Insider news & Analysis in Iran

By INU Staff

INU - Speaking at a gathering of Air Force commanders and personnel on February 8th, Iran’s Supreme Leader Ayatollah Ali Khamenei said that “fighting corruption and oppression is very difficult,” and called upon government officials to get serious about confronting corruption.

According to state-run Mehr News Agency (MNA), Khamenei said the fight against corruption should take priority for public officials.“Combatting corruption and tyranny is an arduous undertaking and, as I said several years ago, corruption resembles a mythical seven-headed dragon which is very difficult to slay, yet, it should be done,” he said.

These comments followed recent protests that rocked the country, that came over increasing economic hardship, monopolization by a few, and lack of freedom.

Previously, Khamenei called the protests a “foreign enemy’s counterattack,” financed by a “stinking rich government” in the region, in what some believe was a reference to Saudi Arabia.

The protesters were expressing dissatisfaction with corruption, Khamenei insisted, not the Islamic Revolution and system of government itself. He said, “Our nation will withstand many deprivations, but we will not remain silent toward corruption and discrimination.”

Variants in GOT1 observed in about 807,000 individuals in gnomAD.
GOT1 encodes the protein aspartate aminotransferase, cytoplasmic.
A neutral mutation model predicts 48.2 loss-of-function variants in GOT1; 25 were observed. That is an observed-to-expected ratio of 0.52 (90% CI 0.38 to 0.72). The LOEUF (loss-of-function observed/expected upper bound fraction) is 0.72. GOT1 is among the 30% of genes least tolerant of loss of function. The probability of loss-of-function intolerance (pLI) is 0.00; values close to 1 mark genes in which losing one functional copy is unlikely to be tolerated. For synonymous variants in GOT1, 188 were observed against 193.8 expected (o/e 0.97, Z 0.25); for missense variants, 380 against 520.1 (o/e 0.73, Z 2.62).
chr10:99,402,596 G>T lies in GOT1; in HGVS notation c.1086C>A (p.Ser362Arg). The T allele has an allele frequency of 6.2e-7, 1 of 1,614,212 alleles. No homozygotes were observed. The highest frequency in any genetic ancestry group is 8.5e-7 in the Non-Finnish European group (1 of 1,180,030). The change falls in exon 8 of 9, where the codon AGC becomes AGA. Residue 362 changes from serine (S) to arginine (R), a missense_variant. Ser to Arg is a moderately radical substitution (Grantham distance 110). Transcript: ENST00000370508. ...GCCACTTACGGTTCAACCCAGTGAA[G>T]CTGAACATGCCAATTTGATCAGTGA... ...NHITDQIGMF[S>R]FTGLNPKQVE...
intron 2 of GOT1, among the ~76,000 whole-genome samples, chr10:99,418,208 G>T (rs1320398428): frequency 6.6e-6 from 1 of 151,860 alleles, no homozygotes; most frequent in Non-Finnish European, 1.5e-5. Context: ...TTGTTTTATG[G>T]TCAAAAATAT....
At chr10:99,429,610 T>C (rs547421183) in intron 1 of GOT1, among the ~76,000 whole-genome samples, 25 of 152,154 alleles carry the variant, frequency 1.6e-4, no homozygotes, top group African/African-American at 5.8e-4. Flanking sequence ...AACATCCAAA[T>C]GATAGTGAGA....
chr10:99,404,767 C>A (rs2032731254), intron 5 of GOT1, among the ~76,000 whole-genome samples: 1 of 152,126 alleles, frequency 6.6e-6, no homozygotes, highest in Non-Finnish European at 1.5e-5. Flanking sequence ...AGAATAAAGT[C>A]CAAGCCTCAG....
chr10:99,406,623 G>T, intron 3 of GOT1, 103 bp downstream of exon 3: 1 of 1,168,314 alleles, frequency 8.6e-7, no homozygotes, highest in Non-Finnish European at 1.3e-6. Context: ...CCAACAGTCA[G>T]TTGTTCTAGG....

Conservative and reformist lawmakers have both recently spoken of “systematic corruption” in Iran, which is ranked 131 among 178 countries in the latest report by Transparency International.

In a poll published in Iran, 75 percent of those who responded said they are unhappy with conditions in the country, and 31 percent have given up hope of reform. The fact that this poll was published is noteworthy, given the fear of reprisal that exists in Iran.

On February 2nd, Tehran’s provisional Friday Prayer Leader Ayatollah Ahmad Khatami said that, according to Shia religious rules, the just sentence for those who “pour into the street” and “oppose the ruler” is the death penalty. He described those who rise against the establishment as “baghi,” an Arabic word that literally translates to “tyrant or aggressor.”

Numerous reports, accusations and legal cases exposing large-scale corruption by senior officials and their relatives have surfaced in the last few years. The recent protests in Iran that began on December 28, 2017 in the holy city of Mashhad, quickly spread across the country. While demonstrators expressed anger over price hikes, inflation, corruption within the regime soon became its focus. Protesters shouting slogans against the clerical rule in the country, including against the Supreme Leader himself, and called for regime change.

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